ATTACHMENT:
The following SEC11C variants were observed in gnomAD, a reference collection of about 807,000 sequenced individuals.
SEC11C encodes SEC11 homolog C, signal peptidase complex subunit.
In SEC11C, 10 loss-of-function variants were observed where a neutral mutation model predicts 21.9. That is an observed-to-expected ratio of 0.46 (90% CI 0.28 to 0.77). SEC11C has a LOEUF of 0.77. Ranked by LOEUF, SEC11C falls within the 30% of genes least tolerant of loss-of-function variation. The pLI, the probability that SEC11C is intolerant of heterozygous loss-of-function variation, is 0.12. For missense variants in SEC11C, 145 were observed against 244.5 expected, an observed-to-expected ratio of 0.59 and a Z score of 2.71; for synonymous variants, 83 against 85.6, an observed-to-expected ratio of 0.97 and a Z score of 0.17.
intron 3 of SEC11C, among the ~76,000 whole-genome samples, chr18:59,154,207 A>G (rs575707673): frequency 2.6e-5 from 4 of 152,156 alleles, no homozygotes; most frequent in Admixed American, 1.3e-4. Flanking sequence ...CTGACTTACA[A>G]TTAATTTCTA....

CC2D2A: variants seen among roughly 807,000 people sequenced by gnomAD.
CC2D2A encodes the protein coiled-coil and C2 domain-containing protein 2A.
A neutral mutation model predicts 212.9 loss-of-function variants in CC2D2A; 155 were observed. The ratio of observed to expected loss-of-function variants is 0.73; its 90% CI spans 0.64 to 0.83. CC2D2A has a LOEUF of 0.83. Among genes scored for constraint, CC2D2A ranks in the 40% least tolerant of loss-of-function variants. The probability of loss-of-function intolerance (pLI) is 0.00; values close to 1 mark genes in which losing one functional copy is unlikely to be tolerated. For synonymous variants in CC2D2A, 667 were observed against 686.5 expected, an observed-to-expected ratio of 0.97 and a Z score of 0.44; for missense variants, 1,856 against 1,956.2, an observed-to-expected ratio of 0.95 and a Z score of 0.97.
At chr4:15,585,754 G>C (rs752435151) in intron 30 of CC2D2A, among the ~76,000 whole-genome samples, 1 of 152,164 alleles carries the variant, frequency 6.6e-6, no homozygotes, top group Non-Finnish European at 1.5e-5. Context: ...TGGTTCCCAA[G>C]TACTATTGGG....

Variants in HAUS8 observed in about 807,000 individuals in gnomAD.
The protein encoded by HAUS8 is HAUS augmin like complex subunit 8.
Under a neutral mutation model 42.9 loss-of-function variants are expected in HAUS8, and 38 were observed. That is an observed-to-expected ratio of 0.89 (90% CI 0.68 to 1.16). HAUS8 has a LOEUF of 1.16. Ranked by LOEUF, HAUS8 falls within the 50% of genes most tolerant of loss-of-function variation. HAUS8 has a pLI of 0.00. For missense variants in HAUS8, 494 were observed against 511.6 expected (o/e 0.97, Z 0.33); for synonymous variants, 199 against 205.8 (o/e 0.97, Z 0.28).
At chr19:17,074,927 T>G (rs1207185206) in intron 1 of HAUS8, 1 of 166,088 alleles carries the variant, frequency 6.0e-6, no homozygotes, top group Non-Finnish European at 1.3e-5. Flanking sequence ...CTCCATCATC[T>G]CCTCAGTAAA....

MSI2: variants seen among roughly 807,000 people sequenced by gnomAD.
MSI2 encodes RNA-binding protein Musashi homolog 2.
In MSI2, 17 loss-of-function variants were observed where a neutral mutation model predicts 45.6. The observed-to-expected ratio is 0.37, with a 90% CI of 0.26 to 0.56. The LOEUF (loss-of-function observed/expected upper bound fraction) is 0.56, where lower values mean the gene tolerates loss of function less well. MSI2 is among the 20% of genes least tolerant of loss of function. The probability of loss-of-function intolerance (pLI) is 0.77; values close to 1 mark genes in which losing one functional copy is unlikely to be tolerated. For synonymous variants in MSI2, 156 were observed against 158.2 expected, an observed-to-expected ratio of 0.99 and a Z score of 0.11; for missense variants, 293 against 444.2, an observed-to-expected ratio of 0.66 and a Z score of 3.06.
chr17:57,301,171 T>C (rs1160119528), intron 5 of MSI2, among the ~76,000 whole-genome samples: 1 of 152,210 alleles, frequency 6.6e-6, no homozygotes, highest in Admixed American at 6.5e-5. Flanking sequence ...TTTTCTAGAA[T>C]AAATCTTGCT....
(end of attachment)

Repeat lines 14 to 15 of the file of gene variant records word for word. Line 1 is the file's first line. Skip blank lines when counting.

MSI2 encodes RNA-binding protein Musashi homolog 2.
In MSI2, 17 loss-of-function variants were observed where a neutral mutation model predicts 45.6. The observed-to-expected ratio is 0.37, with a 90% CI of 0.26 to 0.56. The LOEUF (loss-of-function observed/expected upper bound fraction) is 0.56, where lower values mean the gene tolerates loss of function less well. MSI2 is among the 20% of genes least tolerant of loss of function. The probability of loss-of-function intolerance (pLI) is 0.77; values close to 1 mark genes in which losing one functional copy is unlikely to be tolerated. For synonymous variants in MSI2, 156 were observed against 158.2 expected, an observed-to-expected ratio of 0.99 and a Z score of 0.11; for missense variants, 293 against 444.2, an observed-to-expected ratio of 0.66 and a Z score of 3.06.